By Ali Johnson
Dealing with back pain seems to be a common struggle for many people, but especially for athletes who do CrossFit. Whether it’s chronic back pain, pain from a former injury, or pain/soreness following a particular grueling WOD, back pain is no joke. It can impact your ability to exercise as well as your ability to perform routine tasks such as taking out the garbage, tying your shoes, or lifting a young child. Thankfully, there are ways to both treat and prevent back pain, although if the pain is severe or long-lasting you should always consult a doctor first. The following are some tips that are proven to help many (but not all) improve their back pain and get back to a regular exercise routine.
Determine where the pain is originating.
“Back pain” actually encompasses a huge area of the body; chances are the pain is stemming from one specific area. Does the pain run from your lumbar spine to your thigh bone, or from your pelvis to your thigh? If so, then it’s probably tightness in your hip flexors. If the muscles in your lower back are consistently sore after working out, but seem to recover after a period of rest, it could be a lack of core stability that’s causing your pain. If you have sudden pain or spasms during a workout, it could be caused by lumbar strain that’s resulted in tiny tears in your muscle tissue. And finally, if you feel pain from your lower back down through your leg, it’s probably a result of irritation to your sciatica nerve. The best way to diagnose back pain is to see a doctor, chiropractor, or both, but this should give you a general idea of where to start.
My back hurts. Now what?
So now you know why your back is hurting…but what are you supposed to do about it? The treatment for back pain will differ depending on the cause and the extent of the pain, but some common treatment options are:
Take a break from exercise and wait it out.
This is probably some of the most difficult advice for an athlete to take, but it’s also some of the most important. If you continue to train the way you were before, chances are you’ll exacerbate your problem or injury and what could have been a simple fix will turn into a much more complex treatment plan. Consider taking a break from CrossFit and instead focus solely on rehabbing your back. Put down the weights and stick to body weight exercises. Replace CrossFit with RomWod or Yoga. Use the resistance bands and foam rollers that are most likely present at your box to really stretch and roll out your back. You should be able to work with a trainer at your gym to come up with a plan that’s safe and effective, and you’ll be back to RXing WODs in no time. What you don’t want to do is mask the pain with medication and ignore the root of the problem.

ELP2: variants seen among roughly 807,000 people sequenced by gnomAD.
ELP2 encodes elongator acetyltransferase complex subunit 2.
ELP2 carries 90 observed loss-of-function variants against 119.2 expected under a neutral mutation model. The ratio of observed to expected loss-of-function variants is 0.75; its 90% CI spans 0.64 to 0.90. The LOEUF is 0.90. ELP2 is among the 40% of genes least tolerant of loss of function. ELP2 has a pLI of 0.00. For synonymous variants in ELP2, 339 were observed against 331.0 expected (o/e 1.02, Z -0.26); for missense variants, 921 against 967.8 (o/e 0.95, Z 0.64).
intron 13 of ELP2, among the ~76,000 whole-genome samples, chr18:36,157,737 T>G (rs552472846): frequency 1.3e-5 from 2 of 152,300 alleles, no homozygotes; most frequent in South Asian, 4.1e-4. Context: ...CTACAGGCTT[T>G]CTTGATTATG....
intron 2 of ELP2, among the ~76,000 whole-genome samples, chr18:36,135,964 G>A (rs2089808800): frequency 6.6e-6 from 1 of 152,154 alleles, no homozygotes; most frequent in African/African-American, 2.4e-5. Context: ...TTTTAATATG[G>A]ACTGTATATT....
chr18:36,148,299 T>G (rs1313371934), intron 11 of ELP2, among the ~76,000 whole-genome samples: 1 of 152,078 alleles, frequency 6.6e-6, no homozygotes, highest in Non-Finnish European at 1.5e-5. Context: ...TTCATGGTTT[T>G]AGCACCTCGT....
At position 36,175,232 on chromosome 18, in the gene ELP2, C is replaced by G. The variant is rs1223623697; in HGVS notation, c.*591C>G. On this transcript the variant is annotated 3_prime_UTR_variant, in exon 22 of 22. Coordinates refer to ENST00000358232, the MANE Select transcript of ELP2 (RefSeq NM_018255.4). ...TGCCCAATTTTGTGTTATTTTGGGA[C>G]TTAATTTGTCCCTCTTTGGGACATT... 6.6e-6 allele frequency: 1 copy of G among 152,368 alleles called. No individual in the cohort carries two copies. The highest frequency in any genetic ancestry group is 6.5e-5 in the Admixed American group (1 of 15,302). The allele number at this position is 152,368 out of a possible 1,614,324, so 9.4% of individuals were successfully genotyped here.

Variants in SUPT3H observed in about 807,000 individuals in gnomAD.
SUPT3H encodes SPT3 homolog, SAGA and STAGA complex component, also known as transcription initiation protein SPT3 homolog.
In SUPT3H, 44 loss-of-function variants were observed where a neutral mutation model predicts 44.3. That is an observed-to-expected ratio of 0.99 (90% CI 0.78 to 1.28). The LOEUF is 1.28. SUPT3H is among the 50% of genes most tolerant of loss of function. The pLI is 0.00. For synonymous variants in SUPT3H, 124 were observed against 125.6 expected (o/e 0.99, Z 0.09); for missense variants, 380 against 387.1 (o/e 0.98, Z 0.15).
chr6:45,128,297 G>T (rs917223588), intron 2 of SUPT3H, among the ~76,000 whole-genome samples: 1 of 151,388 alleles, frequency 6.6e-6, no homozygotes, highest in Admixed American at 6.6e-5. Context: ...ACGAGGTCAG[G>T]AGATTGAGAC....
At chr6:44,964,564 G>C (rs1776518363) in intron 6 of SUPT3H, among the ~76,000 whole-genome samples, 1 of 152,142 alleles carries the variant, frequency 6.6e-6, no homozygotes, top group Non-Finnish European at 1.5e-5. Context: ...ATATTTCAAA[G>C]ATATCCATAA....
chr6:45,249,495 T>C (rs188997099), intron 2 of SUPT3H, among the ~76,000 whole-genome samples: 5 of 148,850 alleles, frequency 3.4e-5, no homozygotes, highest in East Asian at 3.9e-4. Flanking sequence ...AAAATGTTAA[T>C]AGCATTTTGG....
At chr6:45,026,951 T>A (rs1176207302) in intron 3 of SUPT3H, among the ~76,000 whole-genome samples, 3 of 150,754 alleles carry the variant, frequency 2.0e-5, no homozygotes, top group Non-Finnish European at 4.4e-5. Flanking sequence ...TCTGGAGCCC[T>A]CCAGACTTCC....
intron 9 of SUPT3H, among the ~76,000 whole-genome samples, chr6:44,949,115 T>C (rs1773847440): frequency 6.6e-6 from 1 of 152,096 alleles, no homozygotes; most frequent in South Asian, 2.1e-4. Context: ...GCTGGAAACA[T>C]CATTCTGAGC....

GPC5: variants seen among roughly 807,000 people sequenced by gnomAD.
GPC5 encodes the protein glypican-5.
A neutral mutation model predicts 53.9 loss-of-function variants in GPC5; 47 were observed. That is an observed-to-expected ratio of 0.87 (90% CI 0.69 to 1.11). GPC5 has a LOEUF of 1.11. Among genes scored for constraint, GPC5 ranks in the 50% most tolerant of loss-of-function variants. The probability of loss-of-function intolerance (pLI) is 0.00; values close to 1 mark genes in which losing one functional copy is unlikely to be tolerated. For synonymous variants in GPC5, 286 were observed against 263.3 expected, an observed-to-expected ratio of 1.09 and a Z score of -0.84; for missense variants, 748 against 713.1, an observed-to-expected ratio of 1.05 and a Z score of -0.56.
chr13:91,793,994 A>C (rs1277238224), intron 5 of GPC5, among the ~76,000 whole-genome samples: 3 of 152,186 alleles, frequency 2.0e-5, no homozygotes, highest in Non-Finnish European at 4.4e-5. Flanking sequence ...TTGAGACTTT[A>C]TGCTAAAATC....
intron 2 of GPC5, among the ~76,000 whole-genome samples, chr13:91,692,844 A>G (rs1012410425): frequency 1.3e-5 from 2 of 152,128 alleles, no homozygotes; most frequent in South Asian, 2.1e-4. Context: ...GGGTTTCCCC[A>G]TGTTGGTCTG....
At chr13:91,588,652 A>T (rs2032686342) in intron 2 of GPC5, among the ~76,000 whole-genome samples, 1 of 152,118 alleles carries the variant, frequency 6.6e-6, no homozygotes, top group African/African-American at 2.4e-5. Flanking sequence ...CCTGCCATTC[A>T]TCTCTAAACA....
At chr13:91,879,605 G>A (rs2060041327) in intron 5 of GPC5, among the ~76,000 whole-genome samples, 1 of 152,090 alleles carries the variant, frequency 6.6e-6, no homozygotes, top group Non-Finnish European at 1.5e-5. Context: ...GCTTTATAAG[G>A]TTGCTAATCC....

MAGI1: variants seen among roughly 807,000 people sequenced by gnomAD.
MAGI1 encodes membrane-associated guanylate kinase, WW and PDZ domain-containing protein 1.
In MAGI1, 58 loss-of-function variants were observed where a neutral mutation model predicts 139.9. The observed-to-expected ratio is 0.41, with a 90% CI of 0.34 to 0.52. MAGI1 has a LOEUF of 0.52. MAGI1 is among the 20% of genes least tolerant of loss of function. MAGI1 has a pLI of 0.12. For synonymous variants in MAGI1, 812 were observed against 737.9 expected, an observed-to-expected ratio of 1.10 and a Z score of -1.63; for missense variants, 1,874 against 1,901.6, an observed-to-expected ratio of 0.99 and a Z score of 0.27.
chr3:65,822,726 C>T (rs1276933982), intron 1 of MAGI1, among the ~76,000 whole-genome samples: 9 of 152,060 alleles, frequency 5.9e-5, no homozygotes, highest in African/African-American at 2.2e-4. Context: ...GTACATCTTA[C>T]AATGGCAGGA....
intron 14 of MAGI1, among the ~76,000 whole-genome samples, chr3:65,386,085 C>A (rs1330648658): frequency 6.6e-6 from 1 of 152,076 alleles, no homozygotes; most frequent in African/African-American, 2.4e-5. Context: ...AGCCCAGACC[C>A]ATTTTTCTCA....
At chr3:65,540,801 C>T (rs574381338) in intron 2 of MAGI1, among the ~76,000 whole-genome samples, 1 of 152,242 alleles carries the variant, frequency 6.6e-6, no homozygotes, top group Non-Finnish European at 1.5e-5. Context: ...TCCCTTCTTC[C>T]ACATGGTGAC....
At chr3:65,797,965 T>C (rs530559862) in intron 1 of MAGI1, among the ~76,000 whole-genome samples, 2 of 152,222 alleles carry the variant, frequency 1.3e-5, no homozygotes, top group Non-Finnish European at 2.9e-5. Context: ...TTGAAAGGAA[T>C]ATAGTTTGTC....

Work on strengthening your core.
So many back problems stem from a weak core, and CrossFit WODs typically don’t have a lot of core work programmed in them. You can do yourself (and your back) a favor by focusing more on core exercises that will strengthen your midsection and that will eventually translate into your other CrossFit movements. People who lack core strength tend to overcompensate by using their back, and that’s a recipe for back pain. And many CrossFit gymnastics movements (pullups, chest to bar, toes to bar, etc.) require a strong core in order to properly hold the body in the hollow position to execute the movement. If you take the time to strengthen your core now, it will improve your ability to lift heavy and string together gymnastics movements with good form, while also decreasing your chances of injuring your back. It’s a win-win!
Don’t skip the warm up (or the cool down).
If you’re consistently late to class and find yourself missing the warm up, or you have to run out right afterwards and don’t have a chance to cool down, try to make it a priority to devote time to both, whether it be at the box or in your home. CrossFit puts an incredible amount of strain on your muscles, and muscles that aren’t given a chance to warm up or cool down properly are much more susceptible to injury. 10 minutes with a foam roller or resistance band before and after a workout could be the key to exercise without pain. We only get one body- treat it well.
If you’re willing to spend over $100 a month to belong to a CrossFit gym, you’re making an investment in your body and your health. That should include a focus on preventing and rehabbing injuries. If you have time to exercise, you have time to warm up and cool down properly, and you have a responsibility to decrease your susceptibility to injury. Again, if you’re experiencing back pain we highly encourage you to see a doctor and to discuss your pain with a coach at your gym. Between the 2, you should be able to devise a plan that will get you back to your regular training schedule in no time!
feature image credit: emedicinehealth.com
image 1: verywellhealth.com